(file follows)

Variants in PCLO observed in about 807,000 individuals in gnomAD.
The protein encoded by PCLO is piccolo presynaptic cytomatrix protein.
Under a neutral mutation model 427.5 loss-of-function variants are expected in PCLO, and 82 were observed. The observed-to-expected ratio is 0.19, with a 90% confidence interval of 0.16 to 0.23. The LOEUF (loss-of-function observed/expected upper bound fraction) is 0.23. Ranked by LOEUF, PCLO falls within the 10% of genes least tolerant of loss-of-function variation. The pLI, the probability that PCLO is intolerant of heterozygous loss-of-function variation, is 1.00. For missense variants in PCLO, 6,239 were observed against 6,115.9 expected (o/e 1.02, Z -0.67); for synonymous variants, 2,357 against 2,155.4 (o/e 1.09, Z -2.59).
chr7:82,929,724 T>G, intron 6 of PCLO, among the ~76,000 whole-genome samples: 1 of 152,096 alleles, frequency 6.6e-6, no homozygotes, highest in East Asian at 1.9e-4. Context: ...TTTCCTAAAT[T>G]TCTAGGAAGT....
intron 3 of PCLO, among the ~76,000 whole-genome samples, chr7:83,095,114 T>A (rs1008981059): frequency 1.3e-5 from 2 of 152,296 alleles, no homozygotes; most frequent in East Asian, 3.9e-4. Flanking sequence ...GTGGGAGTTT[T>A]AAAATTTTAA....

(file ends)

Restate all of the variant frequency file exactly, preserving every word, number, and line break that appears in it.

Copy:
Variants in PCLO observed in about 807,000 individuals in gnomAD.
The protein encoded by PCLO is piccolo presynaptic cytomatrix protein.
Under a neutral mutation model 427.5 loss-of-function variants are expected in PCLO, and 82 were observed. The observed-to-expected ratio is 0.19, with a 90% confidence interval of 0.16 to 0.23. The LOEUF (loss-of-function observed/expected upper bound fraction) is 0.23. Ranked by LOEUF, PCLO falls within the 10% of genes least tolerant of loss-of-function variation. The pLI, the probability that PCLO is intolerant of heterozygous loss-of-function variation, is 1.00. For missense variants in PCLO, 6,239 were observed against 6,115.9 expected (o/e 1.02, Z -0.67); for synonymous variants, 2,357 against 2,155.4 (o/e 1.09, Z -2.59).
chr7:82,929,724 T>G, intron 6 of PCLO, among the ~76,000 whole-genome samples: 1 of 152,096 alleles, frequency 6.6e-6, no homozygotes, highest in East Asian at 1.9e-4. Context: ...TTTCCTAAAT[T>G]TCTAGGAAGT....
intron 3 of PCLO, among the ~76,000 whole-genome samples, chr7:83,095,114 T>A (rs1008981059): frequency 1.3e-5 from 2 of 152,296 alleles, no homozygotes; most frequent in East Asian, 3.9e-4. Flanking sequence ...GTGGGAGTTT[T>A]AAAATTTTAA....